Every gold rush needs a good story. Bob Moriarty’s ‘What Became of the Crow’ just might be one of the best. In his latest book, the acclaimed mining investment newsletter writer chronicles the making of Novo Resources’ Beaton Creek conglomerate gold project in Western Australia, which in February commissioned its first gold pour.
Prospectors these days are still scouring the bush, in remote, and not so remote places — chasing the rainbow and its pot of gold — looking for the next discovery.
Prospecting of course is the first step in the process of discovery; walking the bush and hammering rocks means boots on the ground. A prospector’s contribution to our society and to our economic wellbeing is in their ability to find brand new mineral occurrences. These findings are what leads to new deposits, new mines and all the benefits that spring forth.
The Australian Pilbara area play was started by Novo Resources (TSX.V:NVO, NSRPF:OTCQX) back in 2010 when the Vancouver-based company started exploring around Beaton’s Creek, on the eastern side of the far-flung region.
All the excitement was driven by the potential for the area to become a major gold-producing region on par with the Witwatersrand Basin in Africa (“Wits” for short), which has a similar geological footprint to that found in the Pilbara. The Witwatersrand contains the world’s largest known gold reserves and has produced over two billion ounces – about half of the gold ever mined on Earth.
Geologically, the Pilbara and the Witwatersrand both contain rocks dating to the same geological period, the Archean, about 2.5 billion years ago.
The Earth was so young during the Archean that oxygen was yet to exist. The geological theory espoused by Novo Resources, led by respected geologist Dr. Quinton Hennigh, was that gold was transported into the Pilbara Basin by hot geothermal fluids, and dumped into algal “mats” where they were reworked as nuggets.
Hennigh is the same geologist who came up with the theory, some 24 years ago, as to the origin of gold in the Witwatersrand. He postulated that, as the chemistry of water changed, ie., as oxygen was produced from cyanobacteria, gold precipitated out of solutions in the presence of carbon, from the skeletons of the cyanobacteria. In South Africa some of the gold reefs are associated with what is called a carbon leader since gold and carbon share an affinity.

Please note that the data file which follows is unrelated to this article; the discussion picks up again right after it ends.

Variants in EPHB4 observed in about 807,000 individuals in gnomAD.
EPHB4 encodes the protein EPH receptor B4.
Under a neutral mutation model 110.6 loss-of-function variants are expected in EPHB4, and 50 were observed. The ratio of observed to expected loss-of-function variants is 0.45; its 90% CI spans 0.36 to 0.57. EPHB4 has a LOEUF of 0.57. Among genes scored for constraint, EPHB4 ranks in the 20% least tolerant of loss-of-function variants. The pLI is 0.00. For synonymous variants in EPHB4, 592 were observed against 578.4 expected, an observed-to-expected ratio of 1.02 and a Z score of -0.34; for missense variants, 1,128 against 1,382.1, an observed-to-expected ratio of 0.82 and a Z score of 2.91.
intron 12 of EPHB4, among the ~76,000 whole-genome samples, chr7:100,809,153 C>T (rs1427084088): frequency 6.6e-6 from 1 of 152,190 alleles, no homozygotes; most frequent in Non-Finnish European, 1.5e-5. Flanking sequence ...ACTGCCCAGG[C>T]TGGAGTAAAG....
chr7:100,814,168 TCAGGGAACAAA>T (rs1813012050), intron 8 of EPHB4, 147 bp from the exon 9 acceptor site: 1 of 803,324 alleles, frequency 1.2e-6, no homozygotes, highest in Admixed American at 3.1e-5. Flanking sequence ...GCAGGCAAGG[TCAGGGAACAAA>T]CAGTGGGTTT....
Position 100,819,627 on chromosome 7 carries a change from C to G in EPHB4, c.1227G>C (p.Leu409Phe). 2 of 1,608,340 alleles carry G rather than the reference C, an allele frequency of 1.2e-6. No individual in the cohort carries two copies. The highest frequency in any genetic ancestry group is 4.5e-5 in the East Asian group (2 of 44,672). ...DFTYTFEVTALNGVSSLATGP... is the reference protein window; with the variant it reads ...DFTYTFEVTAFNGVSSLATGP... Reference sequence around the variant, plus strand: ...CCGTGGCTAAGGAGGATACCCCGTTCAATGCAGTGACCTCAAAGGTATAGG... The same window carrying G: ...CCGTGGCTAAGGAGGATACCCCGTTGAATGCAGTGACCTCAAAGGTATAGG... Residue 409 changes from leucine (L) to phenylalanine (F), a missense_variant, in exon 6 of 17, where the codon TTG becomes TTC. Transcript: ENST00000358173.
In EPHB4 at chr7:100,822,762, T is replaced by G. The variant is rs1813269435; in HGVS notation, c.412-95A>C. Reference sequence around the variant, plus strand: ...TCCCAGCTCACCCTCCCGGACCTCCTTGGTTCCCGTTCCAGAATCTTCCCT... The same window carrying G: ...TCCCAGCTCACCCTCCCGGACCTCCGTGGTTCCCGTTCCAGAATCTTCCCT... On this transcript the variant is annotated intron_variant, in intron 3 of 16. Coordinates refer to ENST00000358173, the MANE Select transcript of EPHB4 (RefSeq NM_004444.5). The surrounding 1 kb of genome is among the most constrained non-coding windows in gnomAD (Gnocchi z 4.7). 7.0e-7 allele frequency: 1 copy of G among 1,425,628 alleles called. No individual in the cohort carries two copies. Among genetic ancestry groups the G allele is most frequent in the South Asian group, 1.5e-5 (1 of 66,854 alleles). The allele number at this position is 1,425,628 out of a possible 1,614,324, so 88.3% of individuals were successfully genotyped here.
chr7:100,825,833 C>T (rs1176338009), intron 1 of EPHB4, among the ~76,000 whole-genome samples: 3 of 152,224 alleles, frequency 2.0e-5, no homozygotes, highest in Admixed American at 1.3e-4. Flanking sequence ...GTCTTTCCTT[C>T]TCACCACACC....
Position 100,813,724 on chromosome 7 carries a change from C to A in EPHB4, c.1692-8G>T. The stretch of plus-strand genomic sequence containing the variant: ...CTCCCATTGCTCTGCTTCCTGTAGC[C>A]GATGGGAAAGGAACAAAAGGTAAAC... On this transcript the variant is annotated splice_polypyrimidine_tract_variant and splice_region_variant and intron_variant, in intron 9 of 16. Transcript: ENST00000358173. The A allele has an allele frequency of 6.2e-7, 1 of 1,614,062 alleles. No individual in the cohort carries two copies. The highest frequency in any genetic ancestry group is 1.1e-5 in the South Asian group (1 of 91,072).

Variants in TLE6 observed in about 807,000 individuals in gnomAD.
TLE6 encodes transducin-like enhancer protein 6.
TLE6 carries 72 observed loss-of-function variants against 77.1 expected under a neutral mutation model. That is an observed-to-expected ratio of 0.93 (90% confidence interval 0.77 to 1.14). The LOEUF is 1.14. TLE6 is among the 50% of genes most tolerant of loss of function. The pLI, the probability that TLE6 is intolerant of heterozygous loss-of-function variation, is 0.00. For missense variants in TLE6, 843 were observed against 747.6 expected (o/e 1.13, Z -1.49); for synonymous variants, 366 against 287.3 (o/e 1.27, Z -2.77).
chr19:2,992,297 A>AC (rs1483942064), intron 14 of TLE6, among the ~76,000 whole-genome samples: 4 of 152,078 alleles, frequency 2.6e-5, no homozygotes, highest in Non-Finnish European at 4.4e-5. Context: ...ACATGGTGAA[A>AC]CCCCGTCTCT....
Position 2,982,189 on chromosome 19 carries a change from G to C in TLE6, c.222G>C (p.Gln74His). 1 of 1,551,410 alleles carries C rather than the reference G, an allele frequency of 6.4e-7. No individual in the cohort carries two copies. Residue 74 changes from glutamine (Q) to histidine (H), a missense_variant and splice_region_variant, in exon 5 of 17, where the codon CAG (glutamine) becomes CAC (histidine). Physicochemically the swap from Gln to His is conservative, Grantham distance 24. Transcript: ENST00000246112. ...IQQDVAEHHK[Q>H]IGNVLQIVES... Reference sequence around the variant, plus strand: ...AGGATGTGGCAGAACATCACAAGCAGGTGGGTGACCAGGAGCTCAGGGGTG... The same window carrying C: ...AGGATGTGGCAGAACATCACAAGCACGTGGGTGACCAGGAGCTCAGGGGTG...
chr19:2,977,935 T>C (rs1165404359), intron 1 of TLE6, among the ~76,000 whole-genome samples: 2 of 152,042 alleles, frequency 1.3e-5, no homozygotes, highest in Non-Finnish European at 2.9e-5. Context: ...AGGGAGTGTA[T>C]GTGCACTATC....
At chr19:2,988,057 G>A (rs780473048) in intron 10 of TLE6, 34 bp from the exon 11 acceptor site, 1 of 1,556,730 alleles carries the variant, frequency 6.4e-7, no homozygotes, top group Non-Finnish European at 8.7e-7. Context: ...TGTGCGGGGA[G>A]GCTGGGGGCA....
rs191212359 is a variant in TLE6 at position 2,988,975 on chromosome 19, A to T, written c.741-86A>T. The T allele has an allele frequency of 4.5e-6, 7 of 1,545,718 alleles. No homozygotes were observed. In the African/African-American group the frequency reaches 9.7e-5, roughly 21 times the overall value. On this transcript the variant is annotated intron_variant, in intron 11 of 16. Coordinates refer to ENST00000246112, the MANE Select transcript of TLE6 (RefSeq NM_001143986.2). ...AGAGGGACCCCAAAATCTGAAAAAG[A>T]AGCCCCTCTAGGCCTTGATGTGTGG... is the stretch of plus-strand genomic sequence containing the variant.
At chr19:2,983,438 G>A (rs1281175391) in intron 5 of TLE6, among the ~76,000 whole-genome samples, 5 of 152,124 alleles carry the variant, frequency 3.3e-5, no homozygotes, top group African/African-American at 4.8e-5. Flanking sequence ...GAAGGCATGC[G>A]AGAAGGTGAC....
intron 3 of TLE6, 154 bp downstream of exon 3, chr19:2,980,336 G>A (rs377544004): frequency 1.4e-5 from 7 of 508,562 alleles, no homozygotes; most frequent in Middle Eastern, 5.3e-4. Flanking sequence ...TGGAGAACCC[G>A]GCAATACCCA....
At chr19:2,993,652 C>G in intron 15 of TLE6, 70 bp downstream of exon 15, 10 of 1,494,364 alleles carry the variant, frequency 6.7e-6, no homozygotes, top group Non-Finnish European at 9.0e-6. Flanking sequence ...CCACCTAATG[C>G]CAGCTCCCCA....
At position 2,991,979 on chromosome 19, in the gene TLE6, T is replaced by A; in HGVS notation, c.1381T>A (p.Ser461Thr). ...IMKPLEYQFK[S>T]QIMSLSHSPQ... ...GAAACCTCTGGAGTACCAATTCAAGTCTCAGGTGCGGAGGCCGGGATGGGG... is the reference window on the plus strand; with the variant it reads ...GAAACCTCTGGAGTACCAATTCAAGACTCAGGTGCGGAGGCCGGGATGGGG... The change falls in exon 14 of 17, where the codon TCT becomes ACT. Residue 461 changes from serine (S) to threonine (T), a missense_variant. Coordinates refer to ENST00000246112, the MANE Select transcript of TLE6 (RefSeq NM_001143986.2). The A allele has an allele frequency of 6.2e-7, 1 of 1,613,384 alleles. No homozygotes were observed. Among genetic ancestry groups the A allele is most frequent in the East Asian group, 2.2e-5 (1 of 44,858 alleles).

Enter Bob Moriarty, the newsletter writer whose site 321gold.com is well known throughout the resource investing community. In a 2017 column on Streetwise Reports, Moriarty expounds on Hennigh’s theory of where the gold in Australia’s Pilbara came from, and what drew him to Novo Resources. Moriarty was both chronicler of, and behind-the-scenes player in what would become one of the most compelling discovery to production mining stories in decades. In the column he writes,
In June of 2009 Quinton and I took a ten-day trip to Western Australia to meet with Mark Creasy, the foremost and richest prospector in Australian history. He just happened to have one of the largest land positions in the Pilbara Basin. Quinton’s theory wasn’t just limited to South Africa; his theory held that any Achaean age basin might have the same potential for gold.
You don’t hear much of Mark Creasy in relationship to Novo Resources Corp. (NVO:TSX.V; NSRPF:OTCQX) any more. He was the largest shareholder for years but never participated in any of the placements so as Eric Sprott, Newmont and now Kirkland Gold took larger and larger positions his piece got smaller and smaller.
But never for a moment think that Mark Creasy wasn’t a key player in the start of what I believe will be the biggest gold district in history. If Quinton and Mark hadn’t been working to do a deal for the last fifteen years, the Pilbara would remain a district with some gold in it.
It took the vision of Mark Creasy and Quinton Hennigh to put this deal together. And in my usual modesty I told them nine years ago that not only did the project need Mark Creasy’s land and vision, and Quinton Hennigh’s theory, it also required someone who could tell a good story. Naturally that would be me. You have to have a good story to have a gold rush.
It was that “good story” which became the basis of Moriarty’s recently released book, ‘What Became of the Crow’? The title is based on the remarkable origin of the first gold rush in Australian history. Again, borrowing from his Streetwise column, Moriarty recounts: